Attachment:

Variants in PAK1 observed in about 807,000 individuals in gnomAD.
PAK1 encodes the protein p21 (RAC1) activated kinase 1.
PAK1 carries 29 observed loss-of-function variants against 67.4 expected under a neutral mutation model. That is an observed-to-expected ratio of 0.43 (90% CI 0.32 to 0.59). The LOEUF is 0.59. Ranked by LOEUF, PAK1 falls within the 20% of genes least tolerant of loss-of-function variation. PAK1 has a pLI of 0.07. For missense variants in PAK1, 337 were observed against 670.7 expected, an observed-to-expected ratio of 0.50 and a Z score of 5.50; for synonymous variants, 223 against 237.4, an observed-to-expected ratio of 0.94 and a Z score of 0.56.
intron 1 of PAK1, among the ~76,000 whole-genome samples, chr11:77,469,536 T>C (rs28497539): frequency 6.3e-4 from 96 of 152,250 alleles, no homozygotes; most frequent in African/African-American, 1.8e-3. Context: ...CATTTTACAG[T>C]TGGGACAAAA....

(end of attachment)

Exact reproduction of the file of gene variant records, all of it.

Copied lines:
Variants in PAK1 observed in about 807,000 individuals in gnomAD.
PAK1 encodes the protein p21 (RAC1) activated kinase 1.
PAK1 carries 29 observed loss-of-function variants against 67.4 expected under a neutral mutation model. That is an observed-to-expected ratio of 0.43 (90% CI 0.32 to 0.59). The LOEUF is 0.59. Ranked by LOEUF, PAK1 falls within the 20% of genes least tolerant of loss-of-function variation. PAK1 has a pLI of 0.07. For missense variants in PAK1, 337 were observed against 670.7 expected, an observed-to-expected ratio of 0.50 and a Z score of 5.50; for synonymous variants, 223 against 237.4, an observed-to-expected ratio of 0.94 and a Z score of 0.56.
intron 1 of PAK1, among the ~76,000 whole-genome samples, chr11:77,469,536 T>C (rs28497539): frequency 6.3e-4 from 96 of 152,250 alleles, no homozygotes; most frequent in African/African-American, 1.8e-3. Context: ...CATTTTACAG[T>C]TGGGACAAAA....